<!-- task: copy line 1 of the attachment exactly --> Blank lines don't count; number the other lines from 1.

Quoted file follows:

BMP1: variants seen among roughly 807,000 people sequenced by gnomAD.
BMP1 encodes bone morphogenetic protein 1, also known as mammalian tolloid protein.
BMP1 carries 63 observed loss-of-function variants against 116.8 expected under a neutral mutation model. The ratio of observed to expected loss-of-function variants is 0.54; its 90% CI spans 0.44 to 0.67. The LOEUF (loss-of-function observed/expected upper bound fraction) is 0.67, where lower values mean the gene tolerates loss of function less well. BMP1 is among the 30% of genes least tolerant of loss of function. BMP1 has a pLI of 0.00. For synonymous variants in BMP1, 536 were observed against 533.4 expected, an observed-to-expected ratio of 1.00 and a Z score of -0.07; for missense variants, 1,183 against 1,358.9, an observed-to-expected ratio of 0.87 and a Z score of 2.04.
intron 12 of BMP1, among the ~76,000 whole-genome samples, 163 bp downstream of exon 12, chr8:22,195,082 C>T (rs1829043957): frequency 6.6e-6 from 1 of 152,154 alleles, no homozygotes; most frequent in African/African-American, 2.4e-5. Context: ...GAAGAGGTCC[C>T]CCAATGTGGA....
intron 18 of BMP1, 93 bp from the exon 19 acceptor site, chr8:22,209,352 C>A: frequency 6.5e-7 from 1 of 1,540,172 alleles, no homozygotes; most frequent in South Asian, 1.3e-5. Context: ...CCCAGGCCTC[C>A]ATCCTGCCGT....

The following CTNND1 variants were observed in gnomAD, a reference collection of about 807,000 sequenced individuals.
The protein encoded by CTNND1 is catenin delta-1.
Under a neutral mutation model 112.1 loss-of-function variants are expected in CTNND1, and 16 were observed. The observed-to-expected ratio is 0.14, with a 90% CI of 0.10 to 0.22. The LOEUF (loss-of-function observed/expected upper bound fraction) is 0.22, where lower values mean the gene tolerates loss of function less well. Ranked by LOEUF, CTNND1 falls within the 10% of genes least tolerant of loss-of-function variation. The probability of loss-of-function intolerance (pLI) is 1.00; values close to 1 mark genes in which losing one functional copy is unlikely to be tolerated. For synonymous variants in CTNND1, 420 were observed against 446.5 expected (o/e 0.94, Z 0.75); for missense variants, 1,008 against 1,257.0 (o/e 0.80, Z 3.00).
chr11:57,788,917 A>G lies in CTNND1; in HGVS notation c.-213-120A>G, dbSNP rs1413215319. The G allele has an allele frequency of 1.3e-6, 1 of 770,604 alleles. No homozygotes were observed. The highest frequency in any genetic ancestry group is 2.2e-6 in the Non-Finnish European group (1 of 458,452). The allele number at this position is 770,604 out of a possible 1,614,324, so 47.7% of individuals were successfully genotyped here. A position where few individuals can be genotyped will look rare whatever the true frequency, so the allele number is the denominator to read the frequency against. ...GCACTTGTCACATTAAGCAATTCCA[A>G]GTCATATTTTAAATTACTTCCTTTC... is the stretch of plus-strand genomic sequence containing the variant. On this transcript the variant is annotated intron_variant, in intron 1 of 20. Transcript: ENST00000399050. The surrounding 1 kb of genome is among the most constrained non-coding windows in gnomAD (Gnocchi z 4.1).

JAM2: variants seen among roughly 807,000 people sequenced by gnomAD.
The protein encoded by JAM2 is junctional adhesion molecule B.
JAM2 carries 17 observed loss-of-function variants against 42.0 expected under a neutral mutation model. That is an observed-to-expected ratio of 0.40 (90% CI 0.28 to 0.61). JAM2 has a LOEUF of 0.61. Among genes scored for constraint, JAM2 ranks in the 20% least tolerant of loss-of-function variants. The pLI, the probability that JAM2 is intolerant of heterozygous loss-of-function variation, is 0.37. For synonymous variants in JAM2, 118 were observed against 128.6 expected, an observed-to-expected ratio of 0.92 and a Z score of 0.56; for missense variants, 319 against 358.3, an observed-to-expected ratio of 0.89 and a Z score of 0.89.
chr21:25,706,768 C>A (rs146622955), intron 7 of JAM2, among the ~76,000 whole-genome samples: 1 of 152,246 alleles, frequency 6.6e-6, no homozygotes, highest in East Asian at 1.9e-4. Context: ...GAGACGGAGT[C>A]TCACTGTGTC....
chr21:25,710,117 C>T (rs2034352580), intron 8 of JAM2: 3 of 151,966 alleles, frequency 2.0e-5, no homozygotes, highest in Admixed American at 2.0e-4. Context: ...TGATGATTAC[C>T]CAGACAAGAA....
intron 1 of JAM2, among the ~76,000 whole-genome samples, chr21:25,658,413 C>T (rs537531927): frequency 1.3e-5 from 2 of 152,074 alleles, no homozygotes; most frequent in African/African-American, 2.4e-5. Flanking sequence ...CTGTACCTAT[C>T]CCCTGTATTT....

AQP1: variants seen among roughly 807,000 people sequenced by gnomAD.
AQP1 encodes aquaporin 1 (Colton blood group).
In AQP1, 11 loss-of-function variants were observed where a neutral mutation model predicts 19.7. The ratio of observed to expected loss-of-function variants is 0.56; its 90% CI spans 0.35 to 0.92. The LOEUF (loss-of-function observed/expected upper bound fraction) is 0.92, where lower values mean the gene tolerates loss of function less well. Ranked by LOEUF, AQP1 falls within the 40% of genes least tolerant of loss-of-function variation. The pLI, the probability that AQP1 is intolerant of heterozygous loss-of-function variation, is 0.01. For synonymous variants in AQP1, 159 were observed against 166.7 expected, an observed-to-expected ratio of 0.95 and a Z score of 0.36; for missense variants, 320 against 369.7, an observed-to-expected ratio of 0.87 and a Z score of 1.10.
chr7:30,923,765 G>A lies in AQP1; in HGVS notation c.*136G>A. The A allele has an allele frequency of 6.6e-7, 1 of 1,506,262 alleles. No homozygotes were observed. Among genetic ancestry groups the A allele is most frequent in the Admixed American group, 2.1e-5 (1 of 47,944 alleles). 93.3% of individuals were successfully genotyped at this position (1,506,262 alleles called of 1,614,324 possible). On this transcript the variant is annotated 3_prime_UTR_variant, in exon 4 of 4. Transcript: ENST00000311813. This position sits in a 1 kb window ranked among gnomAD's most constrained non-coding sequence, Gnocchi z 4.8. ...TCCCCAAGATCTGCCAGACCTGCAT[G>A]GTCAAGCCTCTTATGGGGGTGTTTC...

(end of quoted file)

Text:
BMP1: variants seen among roughly 807,000 people sequenced by gnomAD.